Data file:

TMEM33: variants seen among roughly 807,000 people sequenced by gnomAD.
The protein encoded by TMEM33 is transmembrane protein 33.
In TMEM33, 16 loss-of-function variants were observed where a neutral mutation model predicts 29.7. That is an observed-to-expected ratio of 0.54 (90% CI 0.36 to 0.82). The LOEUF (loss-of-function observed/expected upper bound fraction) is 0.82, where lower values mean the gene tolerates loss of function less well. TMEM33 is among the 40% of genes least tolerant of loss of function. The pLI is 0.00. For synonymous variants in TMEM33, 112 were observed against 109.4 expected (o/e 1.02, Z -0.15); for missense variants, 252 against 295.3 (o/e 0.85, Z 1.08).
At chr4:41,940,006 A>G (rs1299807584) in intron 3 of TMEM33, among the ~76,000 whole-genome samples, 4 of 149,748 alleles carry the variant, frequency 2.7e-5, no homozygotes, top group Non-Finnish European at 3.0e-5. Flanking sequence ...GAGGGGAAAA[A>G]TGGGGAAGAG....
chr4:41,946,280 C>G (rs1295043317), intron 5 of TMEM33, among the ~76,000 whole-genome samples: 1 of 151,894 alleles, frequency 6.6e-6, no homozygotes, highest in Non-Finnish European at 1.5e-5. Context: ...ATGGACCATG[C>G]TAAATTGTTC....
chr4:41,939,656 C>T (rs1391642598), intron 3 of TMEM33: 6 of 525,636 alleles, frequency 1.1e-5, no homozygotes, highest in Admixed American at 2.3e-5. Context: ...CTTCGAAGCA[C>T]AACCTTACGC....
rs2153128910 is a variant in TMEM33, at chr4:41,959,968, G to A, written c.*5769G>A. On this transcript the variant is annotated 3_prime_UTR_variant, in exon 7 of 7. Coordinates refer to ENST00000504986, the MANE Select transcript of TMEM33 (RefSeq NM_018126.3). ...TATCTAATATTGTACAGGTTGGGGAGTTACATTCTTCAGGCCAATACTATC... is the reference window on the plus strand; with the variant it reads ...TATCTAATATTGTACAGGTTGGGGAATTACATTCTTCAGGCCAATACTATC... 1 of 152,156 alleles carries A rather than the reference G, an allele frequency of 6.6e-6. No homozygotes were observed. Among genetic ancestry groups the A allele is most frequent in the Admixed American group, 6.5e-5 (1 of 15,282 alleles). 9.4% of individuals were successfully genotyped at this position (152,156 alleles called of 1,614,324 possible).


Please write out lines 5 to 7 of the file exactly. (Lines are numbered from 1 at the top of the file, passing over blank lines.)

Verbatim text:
chr4:41,946,280 C>G (rs1295043317), intron 5 of TMEM33, among the ~76,000 whole-genome samples: 1 of 151,894 alleles, frequency 6.6e-6, no homozygotes, highest in Non-Finnish European at 1.5e-5. Context: ...ATGGACCATG[C>G]TAAATTGTTC....
chr4:41,939,656 C>T (rs1391642598), intron 3 of TMEM33: 6 of 525,636 alleles, frequency 1.1e-5, no homozygotes, highest in Admixed American at 2.3e-5. Context: ...CTTCGAAGCA[C>T]AACCTTACGC....
rs2153128910 is a variant in TMEM33, at chr4:41,959,968, G to A, written c.*5769G>A. On this transcript the variant is annotated 3_prime_UTR_variant, in exon 7 of 7. Coordinates refer to ENST00000504986, the MANE Select transcript of TMEM33 (RefSeq NM_018126.3). ...TATCTAATATTGTACAGGTTGGGGAGTTACATTCTTCAGGCCAATACTATC... is the reference window on the plus strand; with the variant it reads ...TATCTAATATTGTACAGGTTGGGGAATTACATTCTTCAGGCCAATACTATC... 1 of 152,156 alleles carries A rather than the reference G, an allele frequency of 6.6e-6. No homozygotes were observed. Among genetic ancestry groups the A allele is most frequent in the Admixed American group, 6.5e-5 (1 of 15,282 alleles). 9.4% of individuals were successfully genotyped at this position (152,156 alleles called of 1,614,324 possible).